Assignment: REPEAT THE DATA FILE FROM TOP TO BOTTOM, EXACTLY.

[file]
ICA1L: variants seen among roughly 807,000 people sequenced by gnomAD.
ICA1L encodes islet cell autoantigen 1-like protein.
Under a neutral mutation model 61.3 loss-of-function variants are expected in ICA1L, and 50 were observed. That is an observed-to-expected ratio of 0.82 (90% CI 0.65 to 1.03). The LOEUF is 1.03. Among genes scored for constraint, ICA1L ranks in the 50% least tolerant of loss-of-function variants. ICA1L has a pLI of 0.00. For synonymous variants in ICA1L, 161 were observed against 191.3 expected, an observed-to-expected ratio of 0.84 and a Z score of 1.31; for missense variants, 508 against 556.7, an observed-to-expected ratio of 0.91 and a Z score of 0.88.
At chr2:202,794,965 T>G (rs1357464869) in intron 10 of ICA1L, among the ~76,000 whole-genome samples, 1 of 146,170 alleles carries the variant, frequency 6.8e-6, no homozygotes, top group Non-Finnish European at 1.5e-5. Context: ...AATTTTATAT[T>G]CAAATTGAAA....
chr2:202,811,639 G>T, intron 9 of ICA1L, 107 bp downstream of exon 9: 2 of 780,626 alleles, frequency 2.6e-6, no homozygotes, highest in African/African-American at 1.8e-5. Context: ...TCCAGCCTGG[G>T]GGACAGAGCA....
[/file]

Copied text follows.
ICA1L: variants seen among roughly 807,000 people sequenced by gnomAD.
ICA1L encodes islet cell autoantigen 1-like protein.
Under a neutral mutation model 61.3 loss-of-function variants are expected in ICA1L, and 50 were observed. That is an observed-to-expected ratio of 0.82 (90% CI 0.65 to 1.03). The LOEUF is 1.03. Among genes scored for constraint, ICA1L ranks in the 50% least tolerant of loss-of-function variants. ICA1L has a pLI of 0.00. For synonymous variants in ICA1L, 161 were observed against 191.3 expected, an observed-to-expected ratio of 0.84 and a Z score of 1.31; for missense variants, 508 against 556.7, an observed-to-expected ratio of 0.91 and a Z score of 0.88.
At chr2:202,794,965 T>G (rs1357464869) in intron 10 of ICA1L, among the ~76,000 whole-genome samples, 1 of 146,170 alleles carries the variant, frequency 6.8e-6, no homozygotes, top group Non-Finnish European at 1.5e-5. Context: ...AATTTTATAT[T>G]CAAATTGAAA....
chr2:202,811,639 G>T, intron 9 of ICA1L, 107 bp downstream of exon 9: 2 of 780,626 alleles, frequency 2.6e-6, no homozygotes, highest in African/African-American at 1.8e-5. Context: ...TCCAGCCTGG[G>T]GGACAGAGCA....